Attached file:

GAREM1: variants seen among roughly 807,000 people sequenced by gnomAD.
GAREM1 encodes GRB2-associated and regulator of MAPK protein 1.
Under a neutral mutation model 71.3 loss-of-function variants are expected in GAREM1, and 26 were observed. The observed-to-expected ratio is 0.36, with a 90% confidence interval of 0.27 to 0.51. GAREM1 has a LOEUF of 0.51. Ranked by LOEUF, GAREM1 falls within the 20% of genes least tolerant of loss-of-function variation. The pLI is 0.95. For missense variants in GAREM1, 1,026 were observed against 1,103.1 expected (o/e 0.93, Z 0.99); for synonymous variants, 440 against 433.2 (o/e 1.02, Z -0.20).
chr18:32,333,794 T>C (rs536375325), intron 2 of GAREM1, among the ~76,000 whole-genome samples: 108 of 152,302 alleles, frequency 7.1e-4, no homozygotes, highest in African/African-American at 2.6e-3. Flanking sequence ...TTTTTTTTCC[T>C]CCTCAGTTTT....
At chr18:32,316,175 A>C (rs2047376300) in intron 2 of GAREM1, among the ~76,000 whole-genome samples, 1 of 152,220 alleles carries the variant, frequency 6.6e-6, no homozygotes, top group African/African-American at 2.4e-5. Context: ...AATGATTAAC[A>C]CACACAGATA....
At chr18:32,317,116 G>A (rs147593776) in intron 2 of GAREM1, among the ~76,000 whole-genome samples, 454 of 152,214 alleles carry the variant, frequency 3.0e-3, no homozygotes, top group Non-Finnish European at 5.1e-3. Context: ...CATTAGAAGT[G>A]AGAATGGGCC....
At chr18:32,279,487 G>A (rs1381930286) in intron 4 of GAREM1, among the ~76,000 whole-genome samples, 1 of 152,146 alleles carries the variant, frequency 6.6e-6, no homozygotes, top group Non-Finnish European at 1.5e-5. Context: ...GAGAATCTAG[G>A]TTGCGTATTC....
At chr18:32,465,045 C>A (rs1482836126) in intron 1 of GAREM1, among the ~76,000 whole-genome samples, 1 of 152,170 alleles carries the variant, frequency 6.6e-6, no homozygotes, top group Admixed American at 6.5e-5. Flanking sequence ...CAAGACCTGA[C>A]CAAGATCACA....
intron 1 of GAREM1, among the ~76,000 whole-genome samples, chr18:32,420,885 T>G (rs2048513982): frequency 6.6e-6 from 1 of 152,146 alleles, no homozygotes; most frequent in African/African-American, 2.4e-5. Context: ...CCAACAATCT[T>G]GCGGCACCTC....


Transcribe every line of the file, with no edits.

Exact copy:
GAREM1: variants seen among roughly 807,000 people sequenced by gnomAD.
GAREM1 encodes GRB2-associated and regulator of MAPK protein 1.
Under a neutral mutation model 71.3 loss-of-function variants are expected in GAREM1, and 26 were observed. The observed-to-expected ratio is 0.36, with a 90% confidence interval of 0.27 to 0.51. GAREM1 has a LOEUF of 0.51. Ranked by LOEUF, GAREM1 falls within the 20% of genes least tolerant of loss-of-function variation. The pLI is 0.95. For missense variants in GAREM1, 1,026 were observed against 1,103.1 expected (o/e 0.93, Z 0.99); for synonymous variants, 440 against 433.2 (o/e 1.02, Z -0.20).
chr18:32,333,794 T>C (rs536375325), intron 2 of GAREM1, among the ~76,000 whole-genome samples: 108 of 152,302 alleles, frequency 7.1e-4, no homozygotes, highest in African/African-American at 2.6e-3. Flanking sequence ...TTTTTTTTCC[T>C]CCTCAGTTTT....
At chr18:32,316,175 A>C (rs2047376300) in intron 2 of GAREM1, among the ~76,000 whole-genome samples, 1 of 152,220 alleles carries the variant, frequency 6.6e-6, no homozygotes, top group African/African-American at 2.4e-5. Context: ...AATGATTAAC[A>C]CACACAGATA....
At chr18:32,317,116 G>A (rs147593776) in intron 2 of GAREM1, among the ~76,000 whole-genome samples, 454 of 152,214 alleles carry the variant, frequency 3.0e-3, no homozygotes, top group Non-Finnish European at 5.1e-3. Context: ...CATTAGAAGT[G>A]AGAATGGGCC....
At chr18:32,279,487 G>A (rs1381930286) in intron 4 of GAREM1, among the ~76,000 whole-genome samples, 1 of 152,146 alleles carries the variant, frequency 6.6e-6, no homozygotes, top group Non-Finnish European at 1.5e-5. Context: ...GAGAATCTAG[G>A]TTGCGTATTC....
At chr18:32,465,045 C>A (rs1482836126) in intron 1 of GAREM1, among the ~76,000 whole-genome samples, 1 of 152,170 alleles carries the variant, frequency 6.6e-6, no homozygotes, top group Admixed American at 6.5e-5. Flanking sequence ...CAAGACCTGA[C>A]CAAGATCACA....
intron 1 of GAREM1, among the ~76,000 whole-genome samples, chr18:32,420,885 T>G (rs2048513982): frequency 6.6e-6 from 1 of 152,146 alleles, no homozygotes; most frequent in African/African-American, 2.4e-5. Context: ...CCAACAATCT[T>G]GCGGCACCTC....